InterfaithFamily is the premier resource supporting interfaith couples exploring Jewish life and inclusive Jewish communities. We offer educational content; connections to welcoming organizations, professionals and programs; resources and trainings for organizations, clergy and other program providers; and our new InterfaithFamily/Your Community initiative providing coordinated comprehensive offerings in local communities.
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Passover Themes Meaningful to Interfaith Families
Return to the Guide to Passover for Interfaith Families.
The Passover story is the primary story in Jewish history, and one Jews retell in short form at every prayer service in the words "…God, who freed us from Egyptian bondage…" Passover is an occasion to retell the whole story. But telling the story is not enough.
Passover is a holiday that the Jewish community has used, throughout the centuries, to remind us of our heritage of freeing others because we were freed. It is the "slavery to freedom"’ theme that is central to our command to be more than simply good people, but to be people who pursue justice for others.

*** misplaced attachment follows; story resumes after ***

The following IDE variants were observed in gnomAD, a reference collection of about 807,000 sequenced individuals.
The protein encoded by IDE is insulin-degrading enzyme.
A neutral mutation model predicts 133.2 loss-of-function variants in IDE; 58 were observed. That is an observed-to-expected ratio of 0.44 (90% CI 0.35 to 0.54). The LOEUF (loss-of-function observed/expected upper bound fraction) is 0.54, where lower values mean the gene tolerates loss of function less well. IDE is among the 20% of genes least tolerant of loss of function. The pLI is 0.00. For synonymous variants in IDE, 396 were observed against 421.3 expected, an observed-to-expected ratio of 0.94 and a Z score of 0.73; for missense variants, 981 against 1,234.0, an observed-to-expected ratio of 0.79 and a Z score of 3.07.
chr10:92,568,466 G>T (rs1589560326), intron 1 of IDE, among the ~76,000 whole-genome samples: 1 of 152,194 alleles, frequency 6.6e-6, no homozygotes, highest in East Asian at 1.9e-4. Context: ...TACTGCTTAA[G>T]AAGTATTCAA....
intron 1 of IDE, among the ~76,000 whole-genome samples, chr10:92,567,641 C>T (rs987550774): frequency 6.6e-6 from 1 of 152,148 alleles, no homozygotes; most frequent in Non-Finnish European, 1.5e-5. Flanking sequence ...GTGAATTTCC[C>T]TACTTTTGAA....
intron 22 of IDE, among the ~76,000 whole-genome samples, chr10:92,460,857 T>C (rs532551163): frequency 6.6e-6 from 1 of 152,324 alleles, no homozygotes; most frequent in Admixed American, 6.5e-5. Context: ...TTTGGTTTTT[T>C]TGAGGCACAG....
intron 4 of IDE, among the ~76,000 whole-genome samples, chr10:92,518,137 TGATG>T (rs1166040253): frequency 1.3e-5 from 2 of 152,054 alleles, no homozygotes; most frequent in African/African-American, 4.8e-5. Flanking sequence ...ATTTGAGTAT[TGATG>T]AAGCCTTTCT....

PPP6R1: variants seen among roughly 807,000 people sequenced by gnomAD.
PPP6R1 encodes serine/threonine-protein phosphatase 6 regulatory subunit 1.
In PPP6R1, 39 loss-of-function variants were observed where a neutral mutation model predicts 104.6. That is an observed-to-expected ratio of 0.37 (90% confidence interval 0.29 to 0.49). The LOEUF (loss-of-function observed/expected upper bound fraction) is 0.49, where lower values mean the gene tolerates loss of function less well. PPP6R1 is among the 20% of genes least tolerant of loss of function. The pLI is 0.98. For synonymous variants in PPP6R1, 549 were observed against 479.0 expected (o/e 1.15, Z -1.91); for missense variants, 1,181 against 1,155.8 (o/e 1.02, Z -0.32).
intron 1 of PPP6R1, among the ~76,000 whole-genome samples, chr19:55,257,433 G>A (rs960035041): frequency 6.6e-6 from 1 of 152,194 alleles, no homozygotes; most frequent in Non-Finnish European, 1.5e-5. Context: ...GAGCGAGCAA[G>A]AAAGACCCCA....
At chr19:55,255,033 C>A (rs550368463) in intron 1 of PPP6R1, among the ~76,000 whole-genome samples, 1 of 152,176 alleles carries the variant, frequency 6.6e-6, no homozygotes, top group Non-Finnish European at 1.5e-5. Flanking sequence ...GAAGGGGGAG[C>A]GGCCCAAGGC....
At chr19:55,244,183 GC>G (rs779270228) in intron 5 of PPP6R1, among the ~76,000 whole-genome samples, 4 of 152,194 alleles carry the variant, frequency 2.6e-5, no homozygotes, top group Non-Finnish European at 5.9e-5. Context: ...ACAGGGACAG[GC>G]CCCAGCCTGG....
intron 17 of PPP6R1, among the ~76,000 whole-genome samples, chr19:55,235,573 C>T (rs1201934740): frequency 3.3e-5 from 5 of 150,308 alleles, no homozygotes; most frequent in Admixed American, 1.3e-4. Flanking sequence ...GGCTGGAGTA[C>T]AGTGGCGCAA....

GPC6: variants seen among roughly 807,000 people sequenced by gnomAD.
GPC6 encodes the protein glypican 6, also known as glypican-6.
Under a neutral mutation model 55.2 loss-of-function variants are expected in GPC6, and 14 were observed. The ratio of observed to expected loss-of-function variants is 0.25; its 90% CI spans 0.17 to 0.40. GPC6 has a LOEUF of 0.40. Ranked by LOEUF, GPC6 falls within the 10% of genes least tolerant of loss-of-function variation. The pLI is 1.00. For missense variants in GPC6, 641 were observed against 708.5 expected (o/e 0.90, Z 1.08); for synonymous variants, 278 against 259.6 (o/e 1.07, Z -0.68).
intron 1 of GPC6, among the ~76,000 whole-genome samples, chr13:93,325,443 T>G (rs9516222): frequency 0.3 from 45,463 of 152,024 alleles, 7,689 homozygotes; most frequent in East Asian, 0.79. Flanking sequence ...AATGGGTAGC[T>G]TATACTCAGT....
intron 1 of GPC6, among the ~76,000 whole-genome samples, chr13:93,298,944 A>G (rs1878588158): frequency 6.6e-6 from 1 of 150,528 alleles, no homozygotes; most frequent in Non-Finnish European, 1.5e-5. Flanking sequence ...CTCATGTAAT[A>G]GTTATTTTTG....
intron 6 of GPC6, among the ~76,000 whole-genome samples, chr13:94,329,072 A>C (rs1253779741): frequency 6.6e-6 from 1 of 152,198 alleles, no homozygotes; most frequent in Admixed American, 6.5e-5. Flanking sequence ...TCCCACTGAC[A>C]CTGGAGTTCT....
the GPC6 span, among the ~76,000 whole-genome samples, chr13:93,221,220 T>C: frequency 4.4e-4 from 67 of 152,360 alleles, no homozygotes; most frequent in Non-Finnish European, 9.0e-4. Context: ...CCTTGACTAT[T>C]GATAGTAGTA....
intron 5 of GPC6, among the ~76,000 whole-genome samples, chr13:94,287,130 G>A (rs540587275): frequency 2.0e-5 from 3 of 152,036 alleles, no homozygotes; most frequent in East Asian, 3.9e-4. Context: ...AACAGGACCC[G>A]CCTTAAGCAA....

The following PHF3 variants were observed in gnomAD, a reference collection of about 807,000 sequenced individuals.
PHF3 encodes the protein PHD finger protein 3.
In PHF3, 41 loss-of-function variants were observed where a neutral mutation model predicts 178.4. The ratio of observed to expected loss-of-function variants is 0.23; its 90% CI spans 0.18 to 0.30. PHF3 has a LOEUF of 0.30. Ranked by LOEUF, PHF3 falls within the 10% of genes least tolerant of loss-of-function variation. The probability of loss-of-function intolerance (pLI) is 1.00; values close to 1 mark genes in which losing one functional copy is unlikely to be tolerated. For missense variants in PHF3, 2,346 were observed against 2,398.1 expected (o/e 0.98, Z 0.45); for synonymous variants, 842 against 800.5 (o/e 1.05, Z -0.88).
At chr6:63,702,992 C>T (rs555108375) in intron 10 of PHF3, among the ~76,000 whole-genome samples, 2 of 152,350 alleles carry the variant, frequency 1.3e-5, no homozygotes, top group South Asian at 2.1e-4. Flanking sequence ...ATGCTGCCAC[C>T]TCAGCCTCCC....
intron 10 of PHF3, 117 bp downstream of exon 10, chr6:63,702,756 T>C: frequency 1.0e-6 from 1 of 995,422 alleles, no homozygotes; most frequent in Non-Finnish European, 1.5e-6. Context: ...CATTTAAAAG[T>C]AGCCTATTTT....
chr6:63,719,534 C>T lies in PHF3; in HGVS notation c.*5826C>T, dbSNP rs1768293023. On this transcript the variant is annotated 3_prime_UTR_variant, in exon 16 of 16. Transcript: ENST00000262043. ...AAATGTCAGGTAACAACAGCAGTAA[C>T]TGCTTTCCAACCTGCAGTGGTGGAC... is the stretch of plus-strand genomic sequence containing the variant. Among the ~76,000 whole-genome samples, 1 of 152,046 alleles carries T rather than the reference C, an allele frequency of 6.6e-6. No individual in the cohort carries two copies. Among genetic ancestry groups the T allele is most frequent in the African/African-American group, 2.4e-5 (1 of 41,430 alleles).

Along with an end to slavery, in the literal sense, Passover also has the power to teach us about other types of liberation. We might focus on warfare, on poverty, on healthcare systems, on homelessness, on bigotry, on abuse in the home and a whole host of other issues important in a world of creating and restoring justice.
Passover is also a story about journeys. Therefore it might be a time to tell our spiritual journeys to each other. We might help each other by discussing and attempting to solve problems that have been plaguing us (pun intended) for weeks or months. And each of the Passover foods that tell the Exodus story also helps us to tell our current stories.
Regardless of the themes chosen, by any particular seder gathering, conversation and supportive argument is key to a successful Passover meal. While some homes don’t choose this path, it is customary in traditional Jewish homes.